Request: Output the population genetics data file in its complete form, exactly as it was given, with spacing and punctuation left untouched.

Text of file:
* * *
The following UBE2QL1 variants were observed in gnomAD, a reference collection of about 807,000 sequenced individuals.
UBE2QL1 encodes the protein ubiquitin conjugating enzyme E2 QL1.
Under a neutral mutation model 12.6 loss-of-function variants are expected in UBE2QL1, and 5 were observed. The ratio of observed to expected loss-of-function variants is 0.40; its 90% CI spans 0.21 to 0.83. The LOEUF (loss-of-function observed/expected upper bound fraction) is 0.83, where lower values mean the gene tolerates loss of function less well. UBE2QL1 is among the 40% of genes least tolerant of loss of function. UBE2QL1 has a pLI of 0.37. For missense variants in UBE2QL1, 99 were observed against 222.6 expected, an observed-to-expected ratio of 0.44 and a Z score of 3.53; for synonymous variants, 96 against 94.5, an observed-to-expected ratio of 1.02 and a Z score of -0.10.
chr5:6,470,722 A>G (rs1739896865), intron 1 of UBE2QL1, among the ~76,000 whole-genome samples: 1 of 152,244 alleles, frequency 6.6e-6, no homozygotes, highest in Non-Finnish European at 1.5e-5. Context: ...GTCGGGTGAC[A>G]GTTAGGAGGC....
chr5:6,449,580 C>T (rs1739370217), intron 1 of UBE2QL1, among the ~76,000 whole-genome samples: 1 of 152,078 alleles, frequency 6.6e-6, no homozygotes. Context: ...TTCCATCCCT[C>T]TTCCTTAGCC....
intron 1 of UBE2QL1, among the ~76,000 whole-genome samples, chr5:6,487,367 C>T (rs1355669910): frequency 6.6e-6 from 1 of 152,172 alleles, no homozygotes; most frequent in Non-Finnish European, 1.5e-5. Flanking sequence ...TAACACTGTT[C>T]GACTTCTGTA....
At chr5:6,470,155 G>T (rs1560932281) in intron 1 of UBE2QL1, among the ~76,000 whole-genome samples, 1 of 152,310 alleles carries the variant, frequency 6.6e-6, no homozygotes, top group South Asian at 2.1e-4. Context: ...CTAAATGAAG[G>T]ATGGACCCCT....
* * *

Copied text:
The following UBE2QL1 variants were observed in gnomAD, a reference collection of about 807,000 sequenced individuals.
UBE2QL1 encodes the protein ubiquitin conjugating enzyme E2 QL1.
Under a neutral mutation model 12.6 loss-of-function variants are expected in UBE2QL1, and 5 were observed. The ratio of observed to expected loss-of-function variants is 0.40; its 90% CI spans 0.21 to 0.83. The LOEUF (loss-of-function observed/expected upper bound fraction) is 0.83, where lower values mean the gene tolerates loss of function less well. UBE2QL1 is among the 40% of genes least tolerant of loss of function. UBE2QL1 has a pLI of 0.37. For missense variants in UBE2QL1, 99 were observed against 222.6 expected, an observed-to-expected ratio of 0.44 and a Z score of 3.53; for synonymous variants, 96 against 94.5, an observed-to-expected ratio of 1.02 and a Z score of -0.10.
chr5:6,470,722 A>G (rs1739896865), intron 1 of UBE2QL1, among the ~76,000 whole-genome samples: 1 of 152,244 alleles, frequency 6.6e-6, no homozygotes, highest in Non-Finnish European at 1.5e-5. Context: ...GTCGGGTGAC[A>G]GTTAGGAGGC....
chr5:6,449,580 C>T (rs1739370217), intron 1 of UBE2QL1, among the ~76,000 whole-genome samples: 1 of 152,078 alleles, frequency 6.6e-6, no homozygotes. Context: ...TTCCATCCCT[C>T]TTCCTTAGCC....
intron 1 of UBE2QL1, among the ~76,000 whole-genome samples, chr5:6,487,367 C>T (rs1355669910): frequency 6.6e-6 from 1 of 152,172 alleles, no homozygotes; most frequent in Non-Finnish European, 1.5e-5. Flanking sequence ...TAACACTGTT[C>T]GACTTCTGTA....
At chr5:6,470,155 G>T (rs1560932281) in intron 1 of UBE2QL1, among the ~76,000 whole-genome samples, 1 of 152,310 alleles carries the variant, frequency 6.6e-6, no homozygotes, top group South Asian at 2.1e-4. Context: ...CTAAATGAAG[G>T]ATGGACCCCT....